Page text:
Share this content

Blog: Punk Rock HR - Christmas countdown part 2

by
13th Dec 2012
Share this content

In this mini series, we’re counting down 10 HR tips as seen through the eyes and ears of Punk Rock.  No need to pogo whilst reading these unless you must!  For more on all this, ping me a note with PUNK in the title to claim your free Christmas HR gift - a copy of my micro book - Punk Rock People Management.  Send me your suggestions for number 1. Today we count down from 6 to 4, punk pickers.# 6 - What do I get? - The BuzzcocksThe VIDEOTHE PUNK HR POINT – We know well enough from Frederick Herzberg and The Buzzcocks that pay is a ‘dissatisifier’. In other words, if you double people’s pay, they won’t work twice as hard for twice as long. Take away their pay and you know all about it if it is perceived as being out of balance with the effort as Starbucks are just about to discover. Pay people well enough, but don’t just focus on pay as the reward for work. This reinforces the conversation about ‘What do I get?’ After all RNR stands for Reward AND Recognition, not just Rock’n’Roll.# 5 – Two Tribes – Frankie Goes to HollywoodThe VIDEOTHE PUNK HR POINT – The Bard of Barking, Billy Bragg, may not have been an HR pro, but he may have contributed more to our understanding of collective bargaining than all the employment law authors in the world if they were laid end-to-end, via his song ‘There is power in a union’. Frankie goes to Hollywood also reminded us of the classic pluralist assumption within classical HR thinking on unions in their 80’s anthem ‘Two Tribes’. OK, Frankie are not punks I know, but they conveyed the spirit of punk rock through their music. Punk Rock HR offers us three chords on unions:

  • See unions as an advantage in a pluralist workplace due to the money and time they can save you if you get the relationship right.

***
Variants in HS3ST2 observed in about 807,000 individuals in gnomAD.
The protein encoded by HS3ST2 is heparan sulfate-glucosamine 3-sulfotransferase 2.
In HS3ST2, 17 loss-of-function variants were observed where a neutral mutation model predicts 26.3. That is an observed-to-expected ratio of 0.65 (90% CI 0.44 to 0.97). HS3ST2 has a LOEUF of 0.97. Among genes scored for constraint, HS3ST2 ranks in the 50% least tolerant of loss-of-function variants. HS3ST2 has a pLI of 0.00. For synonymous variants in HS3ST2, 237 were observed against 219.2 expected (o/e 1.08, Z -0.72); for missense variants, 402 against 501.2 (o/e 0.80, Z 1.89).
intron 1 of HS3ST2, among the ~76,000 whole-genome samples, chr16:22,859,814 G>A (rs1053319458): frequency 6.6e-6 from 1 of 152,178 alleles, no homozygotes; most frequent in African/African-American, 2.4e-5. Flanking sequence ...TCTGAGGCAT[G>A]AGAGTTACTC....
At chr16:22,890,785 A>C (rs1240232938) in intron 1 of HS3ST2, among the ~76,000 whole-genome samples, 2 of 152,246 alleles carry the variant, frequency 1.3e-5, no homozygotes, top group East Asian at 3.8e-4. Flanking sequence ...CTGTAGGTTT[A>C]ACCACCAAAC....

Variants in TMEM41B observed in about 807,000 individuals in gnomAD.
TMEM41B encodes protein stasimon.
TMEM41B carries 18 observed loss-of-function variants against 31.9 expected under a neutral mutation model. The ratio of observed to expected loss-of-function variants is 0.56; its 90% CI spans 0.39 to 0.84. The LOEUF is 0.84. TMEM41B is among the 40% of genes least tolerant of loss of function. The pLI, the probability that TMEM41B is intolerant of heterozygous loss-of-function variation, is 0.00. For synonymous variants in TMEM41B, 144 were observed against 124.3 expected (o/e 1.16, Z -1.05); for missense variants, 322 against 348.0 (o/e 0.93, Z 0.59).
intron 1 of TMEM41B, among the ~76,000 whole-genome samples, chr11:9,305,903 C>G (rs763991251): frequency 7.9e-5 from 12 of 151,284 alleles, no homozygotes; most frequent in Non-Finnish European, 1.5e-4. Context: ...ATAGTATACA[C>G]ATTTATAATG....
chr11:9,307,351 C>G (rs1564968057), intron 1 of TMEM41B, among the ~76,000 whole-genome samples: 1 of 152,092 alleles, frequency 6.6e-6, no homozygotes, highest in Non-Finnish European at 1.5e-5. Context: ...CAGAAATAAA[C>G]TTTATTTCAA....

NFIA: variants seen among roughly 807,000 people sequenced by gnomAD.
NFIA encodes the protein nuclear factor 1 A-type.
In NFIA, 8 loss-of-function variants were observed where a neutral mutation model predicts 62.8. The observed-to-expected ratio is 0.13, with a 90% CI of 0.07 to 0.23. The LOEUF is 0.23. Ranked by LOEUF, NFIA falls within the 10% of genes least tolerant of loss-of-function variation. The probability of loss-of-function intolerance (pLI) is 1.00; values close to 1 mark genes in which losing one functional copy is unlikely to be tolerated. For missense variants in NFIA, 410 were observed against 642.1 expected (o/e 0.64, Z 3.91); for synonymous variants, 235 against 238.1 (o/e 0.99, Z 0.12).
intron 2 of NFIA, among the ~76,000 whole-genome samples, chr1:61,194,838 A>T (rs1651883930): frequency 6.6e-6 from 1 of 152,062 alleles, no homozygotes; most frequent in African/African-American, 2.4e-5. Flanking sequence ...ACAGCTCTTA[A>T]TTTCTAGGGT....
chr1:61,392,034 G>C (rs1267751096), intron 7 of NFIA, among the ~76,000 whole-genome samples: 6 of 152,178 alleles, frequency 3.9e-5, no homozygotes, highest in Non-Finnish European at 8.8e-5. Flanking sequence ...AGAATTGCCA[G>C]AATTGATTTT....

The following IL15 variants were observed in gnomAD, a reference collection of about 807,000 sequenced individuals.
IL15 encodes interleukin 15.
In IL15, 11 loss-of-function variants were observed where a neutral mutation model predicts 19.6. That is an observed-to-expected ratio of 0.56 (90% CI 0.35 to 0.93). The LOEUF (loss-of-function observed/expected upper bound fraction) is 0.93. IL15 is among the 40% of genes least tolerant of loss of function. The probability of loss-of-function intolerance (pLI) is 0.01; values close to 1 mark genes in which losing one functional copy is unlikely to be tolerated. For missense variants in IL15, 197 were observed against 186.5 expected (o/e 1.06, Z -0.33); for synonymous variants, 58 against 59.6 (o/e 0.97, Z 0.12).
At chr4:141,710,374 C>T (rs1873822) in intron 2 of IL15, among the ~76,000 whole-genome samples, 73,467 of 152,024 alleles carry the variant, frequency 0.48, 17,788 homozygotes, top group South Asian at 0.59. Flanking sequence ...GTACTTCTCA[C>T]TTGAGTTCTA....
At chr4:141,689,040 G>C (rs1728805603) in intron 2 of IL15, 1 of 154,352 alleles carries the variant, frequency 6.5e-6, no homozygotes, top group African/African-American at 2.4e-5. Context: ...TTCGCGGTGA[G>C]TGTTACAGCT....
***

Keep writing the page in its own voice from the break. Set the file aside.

• Focus on interests rather than positions if you are to do collective bargaining well.
  • See negotiations from all viewpoints so that you can be most effective in reaching a solution. It is what pre-punk Scandinavians Abba would have called “Knowing me, knowing you”.

Knowing me, Knowing you# 4 – Happy House – Siouxsie and the BansheesThe VIDEOTHE PUNK HR POINT – Siouxsie Sioux’s deeply ironic lyric flags up the problem with the ‘happiness movement’.  She commented that “Happy House” contrasts the illusion of family bliss, where everyone smiles, has blond hair, has all-day sunshine, eats butter without fat, with the realities of life – depression, wife beating and so on.  Grim stuff for a pop song!  The happiness movement also seems to operate under the illusion that we are all becoming more self-actualised and self-driven, when the data seems to suggest that people are less happy than they were 50 years ago, even though we are considerably richer. Since work is a huge part of life, the HR function should be perfectly positioned to help design jobs and work which are fulfilling.

Counting down to number 3, 2, 1 next time ...  Send your suggestions here. 

Peter Cook is managing director of business and organisational performance consultancies, Human Dynamics and The Academy of Rock.

We welcome any and all contributions from the community, so please feel free to share your views and opinions with us, your colleagues and peers via our blogs section.

Replies (0)

Please login or register to join the discussion.

There are currently no replies, be the first to post a reply.